Archive for the ‘steve soderbergh’ tag
September is the launch of the yearly television cycle, the start of the Oscar-baiting films, and the chance to release books and music in time for the holidays. Here’s a quick summary of what I am most looking forward to this fall.
Glee is the story of a band of high school outcasts joining together to make a name for themselves by doing the very thing that made them outcasts. When Fox showed the pilot last fall after the finale to American Idol, it was a risky bet to build moment for a show that wouldn’t get aired for another three months. It may have paid off as an estimated 25 million people have now seen the pilot, and the second episode attracted a healthy 7 million watchers, many in the all-important 18-49 demo. This may be one of the few critically adored shows of the last few years to find a broad audience. Even if it doesn’t, Fox is hoping all the promotional tie-ins (cast albums, for instance) will keep this financially lucrative. But why should you watch it? Combining the rigid social hierarchies of high school and the accompanying desires to both fit in and stand out for the right reasons gives you all the drama and comedy you need to make a successful musical. The pilot was one of the strongest in years, deftly reimagining stock characters (the pot-smoking gym teacher, the closeted drama nerd, the bitchy cheerleader) and zipping along at a pleasing pace (helped along by a wonderful vocal score).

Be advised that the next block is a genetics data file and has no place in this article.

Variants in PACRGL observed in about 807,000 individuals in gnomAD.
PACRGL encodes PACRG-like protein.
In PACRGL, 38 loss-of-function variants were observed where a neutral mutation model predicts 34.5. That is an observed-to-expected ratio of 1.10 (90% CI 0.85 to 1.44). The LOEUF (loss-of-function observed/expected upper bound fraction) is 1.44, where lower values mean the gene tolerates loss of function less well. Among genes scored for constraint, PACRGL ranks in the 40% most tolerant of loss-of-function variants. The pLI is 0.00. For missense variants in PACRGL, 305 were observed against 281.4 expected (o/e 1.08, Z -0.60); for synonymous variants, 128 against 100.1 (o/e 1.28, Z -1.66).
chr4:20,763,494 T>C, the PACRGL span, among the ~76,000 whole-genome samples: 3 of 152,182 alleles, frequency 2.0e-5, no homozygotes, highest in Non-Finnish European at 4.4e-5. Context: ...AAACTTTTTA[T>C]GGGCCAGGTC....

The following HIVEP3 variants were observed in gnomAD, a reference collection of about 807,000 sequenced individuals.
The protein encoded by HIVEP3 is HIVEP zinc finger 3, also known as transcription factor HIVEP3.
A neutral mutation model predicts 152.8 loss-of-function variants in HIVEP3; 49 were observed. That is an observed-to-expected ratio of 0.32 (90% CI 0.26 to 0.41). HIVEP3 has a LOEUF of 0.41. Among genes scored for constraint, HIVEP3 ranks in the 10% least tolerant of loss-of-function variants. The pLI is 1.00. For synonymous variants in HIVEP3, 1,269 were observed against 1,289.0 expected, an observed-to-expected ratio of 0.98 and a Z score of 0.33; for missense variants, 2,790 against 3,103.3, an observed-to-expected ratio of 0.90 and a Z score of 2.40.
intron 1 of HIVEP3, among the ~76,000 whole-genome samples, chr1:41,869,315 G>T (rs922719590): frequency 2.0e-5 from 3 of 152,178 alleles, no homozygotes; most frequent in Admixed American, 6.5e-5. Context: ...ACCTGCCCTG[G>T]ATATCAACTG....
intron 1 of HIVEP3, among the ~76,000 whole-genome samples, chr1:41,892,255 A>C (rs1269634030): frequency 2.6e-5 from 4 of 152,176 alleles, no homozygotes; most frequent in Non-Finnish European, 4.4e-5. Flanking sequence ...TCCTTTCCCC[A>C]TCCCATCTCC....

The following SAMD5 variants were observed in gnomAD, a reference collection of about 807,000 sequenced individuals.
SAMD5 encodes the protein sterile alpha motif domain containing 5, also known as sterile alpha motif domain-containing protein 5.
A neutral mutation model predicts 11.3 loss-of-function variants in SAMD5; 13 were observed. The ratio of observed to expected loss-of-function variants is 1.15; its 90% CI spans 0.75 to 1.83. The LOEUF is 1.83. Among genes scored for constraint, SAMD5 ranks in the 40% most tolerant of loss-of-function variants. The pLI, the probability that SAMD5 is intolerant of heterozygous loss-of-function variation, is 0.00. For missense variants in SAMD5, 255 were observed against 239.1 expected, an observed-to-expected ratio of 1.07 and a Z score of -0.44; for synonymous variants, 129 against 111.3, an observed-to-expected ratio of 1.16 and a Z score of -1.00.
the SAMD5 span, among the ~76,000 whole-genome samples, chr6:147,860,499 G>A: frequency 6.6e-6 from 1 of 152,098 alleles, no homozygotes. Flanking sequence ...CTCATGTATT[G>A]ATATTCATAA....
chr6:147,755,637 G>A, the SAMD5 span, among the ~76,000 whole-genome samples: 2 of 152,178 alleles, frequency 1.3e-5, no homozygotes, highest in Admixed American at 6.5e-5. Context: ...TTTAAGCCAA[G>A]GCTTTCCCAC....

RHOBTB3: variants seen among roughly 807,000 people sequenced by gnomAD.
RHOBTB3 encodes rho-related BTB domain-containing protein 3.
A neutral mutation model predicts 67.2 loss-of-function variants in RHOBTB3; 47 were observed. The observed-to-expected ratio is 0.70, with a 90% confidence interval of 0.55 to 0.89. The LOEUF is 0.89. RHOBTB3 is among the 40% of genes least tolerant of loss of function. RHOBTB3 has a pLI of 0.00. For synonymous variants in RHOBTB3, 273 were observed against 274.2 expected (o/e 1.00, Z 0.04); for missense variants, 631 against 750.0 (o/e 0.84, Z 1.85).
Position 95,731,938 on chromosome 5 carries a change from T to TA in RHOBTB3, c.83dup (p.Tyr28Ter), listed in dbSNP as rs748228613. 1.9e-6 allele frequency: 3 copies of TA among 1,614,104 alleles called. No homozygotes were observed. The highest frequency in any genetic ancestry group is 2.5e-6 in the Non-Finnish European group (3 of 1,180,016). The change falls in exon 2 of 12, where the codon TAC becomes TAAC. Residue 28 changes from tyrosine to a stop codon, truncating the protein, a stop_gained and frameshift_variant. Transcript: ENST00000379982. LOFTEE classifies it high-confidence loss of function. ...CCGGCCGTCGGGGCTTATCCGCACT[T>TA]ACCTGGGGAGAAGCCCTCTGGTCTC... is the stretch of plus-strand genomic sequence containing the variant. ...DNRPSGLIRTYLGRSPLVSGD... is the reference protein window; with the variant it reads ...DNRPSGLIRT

The Informant!, Friday, September 18
Steven Soderbergh reunites with Matt Damon in a retelling of a whistle-blower who worked at ADM. But rather than play up the most Grishamesque aspects of the piece, Soderbergh goes for a comic character study of a person who becomes enraptured with his James Bond self-importance. Soderbergh has long achieved a quality I’ve admired in a director, which is the ability to work both inside and outside the studio system. He can make stylish diversions like the Ocean’s Eleven films or gritty indie dramas. Based on Kurt Eichenwald’s book, and with a pudgy, mustachioed Damon, I’m hoping for a really strong comedy with just a hint of social commentary.
Monsters of Folk, Tuesday, September 22
Monsters of Folk is M. Ward, Conor Oberst (Bright Eyes), Yim Yames (My Morning Jacket), and Mike Mogis. The “get a bunch of folks together to do fun music” has worked well for Beck’s Record Club and it sounds promising here. Traces of Drive-By Truckers and The Jayhawks should shape the sound of this indie-roots supergroup.
The only regular web video series I’ve found worth staying up on, The Guild is the show that launched writer/producer/star Felicia Day to the pinnacle of nerd stardom (and Twitter). The show centers on online companions who try interacting offline, with very mixed results. You’ll get more of the jokes if you have some familiarity with World of Warcraft and lonelygirl15. If you prefer your television on television, wait until September 29 when seasons one and two are released on DVD.